APA 7th edition style guidelines for images

Image reproduced in a document

According to APA style, when any kind of visual display (other than a table) is reproduced in a work, it should be treated as a figure. This includes photographs, drawings, bar graphs, infographics and other illustrations. The reference details are displayed with the figure and also included in the reference list.


The components of a figure are:

  • Number: The figure number (e.g. Figure 1) appears above the figure in bold.
  • Title: The figure title appears one double-spaced line below the figure number, in italics and capitalised
  • Image
  • Legend (only relevant if reproducing a chart or other image containing symbols that need to be explained)
  • Note: This appears below the figure and the purpose is to describe the contents of the figure that cannot be understood from the figure title or image. This is also where the copyright attribution is placed. A reproduced or adapted image requires a copyright attribution. 

Reference list

See reference list examples [PDF 234KB]

Please note: 

  1. Authors intending to publish their work (including theses) must, before publication, obtain permission from the copyright owner or comply with any stated licencing conditions (such as a Creative Commons licence).
  2. Students using images in assignments submitted as part of their course do not need to ask permission from the copyright owner under Fair Dealing for Research or Study in Australian copyright law. However, “fair dealing” does not apply if the images are made available to anyone outside the course of study. This includes sharing your work (if the images are included) online or with potential employers. Otherwise you will need to obtain the copyright owner’s permission or omit the images.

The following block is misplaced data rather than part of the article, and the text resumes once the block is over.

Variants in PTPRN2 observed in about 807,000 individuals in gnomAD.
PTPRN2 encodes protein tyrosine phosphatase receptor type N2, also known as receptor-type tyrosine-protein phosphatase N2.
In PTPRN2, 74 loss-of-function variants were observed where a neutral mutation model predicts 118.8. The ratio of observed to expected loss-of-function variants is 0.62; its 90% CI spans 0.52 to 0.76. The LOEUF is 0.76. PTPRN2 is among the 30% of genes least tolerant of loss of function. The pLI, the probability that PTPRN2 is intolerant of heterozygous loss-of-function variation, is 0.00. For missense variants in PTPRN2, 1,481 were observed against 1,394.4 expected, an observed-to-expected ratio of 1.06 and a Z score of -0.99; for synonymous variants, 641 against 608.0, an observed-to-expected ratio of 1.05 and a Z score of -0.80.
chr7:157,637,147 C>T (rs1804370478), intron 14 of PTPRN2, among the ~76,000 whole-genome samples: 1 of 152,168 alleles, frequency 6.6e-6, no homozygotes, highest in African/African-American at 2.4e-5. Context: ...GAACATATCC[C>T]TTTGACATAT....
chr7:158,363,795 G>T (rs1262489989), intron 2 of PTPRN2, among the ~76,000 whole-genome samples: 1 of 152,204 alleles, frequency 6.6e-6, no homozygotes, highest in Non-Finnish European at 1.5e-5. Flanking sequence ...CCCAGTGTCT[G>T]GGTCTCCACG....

Referencing a reprinted image when permission is not necessary

In the body of the paper, for example:

Figure 1 shows the highly ornate…

Figure 1

Springthorpe Memorial

From Cemetery Architecture of Australia by D. Eade, 2020, p.18. Copyright by Art Architecture Books.

Reference list

See examples

Referencing an image when permission to reproduce it has been obtained from the copyright holder

For example:

The ceiling of the Springthorpe Memorial, as seen in Figure 2, provides a colourful contrast to the sober, neoclassical elements of the building.

Figure 2

Stained Glass Ceiling, Springthorpe Memorial

Reprinted from Stained Glass Ceilings in Australian Architecture, by A. B. Light, 2018, (http://ahas.org.au/stainedglassceilings_image1). Copyright 2020 by Australian Historic Architecture Society. Reprinted with permission.

Reference list

See examples

Referencing an image you created yourself (i.e. your own work) such as photograph

A figure or image created by you, and reproduced in your paper, would not need a figure note as no copyright attribution would be required. However, if the image requires more description or explanation than that provided by the title, you may wish to include a figure note. No reference list entry is required.

Please note that an exception to this is where an author seeking to publish wishes to use an image they created that has already been published as the copyright may now reside with the publisher (see the note for Figure 1).

For further information, go to the Academic Writer database and look at Figure components or Sample figures, or check out APA’s webpage Figure setup.

Image not reproduced in your work 

When you refer to an image without including a copy of it in your work, include it in the reference list and insert an in-text citation.

In-text citation

Images of Cathy Freeman’s distinctive, green and gold, running suit (Munday 2000), worn at the Sydney Olympics in 2000…

Reference list

See examples

For further examples, go to Sample references in the Academic Writer database and select 'Audiovisual material', or check out APA’s webpage Audiovisual media.

Swinburne Design students

In some Design units, the preference is for the figure number and reference details to be displayed in the note below the figure and also in the reference list.

In the body of the paper, for example:

As demonstrated in Figure 1, cemetery architecture at that time…

Figure 1. Syme Memorial. Reprinted from “Edwardian Melbourne and Cemetery Architecture,” by J. J. Lintel, A. Corbel, and P. T. Rafter, 2019, Cemetery Art and Architecture, 20(1), p.5 (https://doi.org/10.1030/yho0000359). Copyright 2019 by Doodle, Quiff & Co.

Reference list

See examples

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